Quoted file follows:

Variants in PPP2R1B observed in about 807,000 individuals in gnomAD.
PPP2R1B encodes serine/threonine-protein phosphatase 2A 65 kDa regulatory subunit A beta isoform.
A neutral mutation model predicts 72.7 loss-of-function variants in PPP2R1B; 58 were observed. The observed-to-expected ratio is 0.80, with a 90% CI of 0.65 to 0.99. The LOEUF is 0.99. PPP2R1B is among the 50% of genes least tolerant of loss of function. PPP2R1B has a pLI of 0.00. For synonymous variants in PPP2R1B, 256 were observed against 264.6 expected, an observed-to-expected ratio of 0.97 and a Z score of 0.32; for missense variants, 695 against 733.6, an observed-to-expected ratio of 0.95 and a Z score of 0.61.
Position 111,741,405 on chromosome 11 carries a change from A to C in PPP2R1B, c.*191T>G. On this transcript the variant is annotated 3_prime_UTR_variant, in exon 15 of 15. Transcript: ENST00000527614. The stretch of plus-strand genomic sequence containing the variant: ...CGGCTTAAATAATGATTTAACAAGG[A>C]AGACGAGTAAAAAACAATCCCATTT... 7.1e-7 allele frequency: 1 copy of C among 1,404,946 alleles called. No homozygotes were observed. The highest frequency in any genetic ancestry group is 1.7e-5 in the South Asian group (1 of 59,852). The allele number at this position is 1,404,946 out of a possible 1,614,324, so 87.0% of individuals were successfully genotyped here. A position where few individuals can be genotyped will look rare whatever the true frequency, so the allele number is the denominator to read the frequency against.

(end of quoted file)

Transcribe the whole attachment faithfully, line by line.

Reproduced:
Variants in PPP2R1B observed in about 807,000 individuals in gnomAD.
PPP2R1B encodes serine/threonine-protein phosphatase 2A 65 kDa regulatory subunit A beta isoform.
A neutral mutation model predicts 72.7 loss-of-function variants in PPP2R1B; 58 were observed. The observed-to-expected ratio is 0.80, with a 90% CI of 0.65 to 0.99. The LOEUF is 0.99. PPP2R1B is among the 50% of genes least tolerant of loss of function. PPP2R1B has a pLI of 0.00. For synonymous variants in PPP2R1B, 256 were observed against 264.6 expected, an observed-to-expected ratio of 0.97 and a Z score of 0.32; for missense variants, 695 against 733.6, an observed-to-expected ratio of 0.95 and a Z score of 0.61.
Position 111,741,405 on chromosome 11 carries a change from A to C in PPP2R1B, c.*191T>G. On this transcript the variant is annotated 3_prime_UTR_variant, in exon 15 of 15. Transcript: ENST00000527614. The stretch of plus-strand genomic sequence containing the variant: ...CGGCTTAAATAATGATTTAACAAGG[A>C]AGACGAGTAAAAAACAATCCCATTT... 7.1e-7 allele frequency: 1 copy of C among 1,404,946 alleles called. No homozygotes were observed. The highest frequency in any genetic ancestry group is 1.7e-5 in the South Asian group (1 of 59,852). The allele number at this position is 1,404,946 out of a possible 1,614,324, so 87.0% of individuals were successfully genotyped here. A position where few individuals can be genotyped will look rare whatever the true frequency, so the allele number is the denominator to read the frequency against.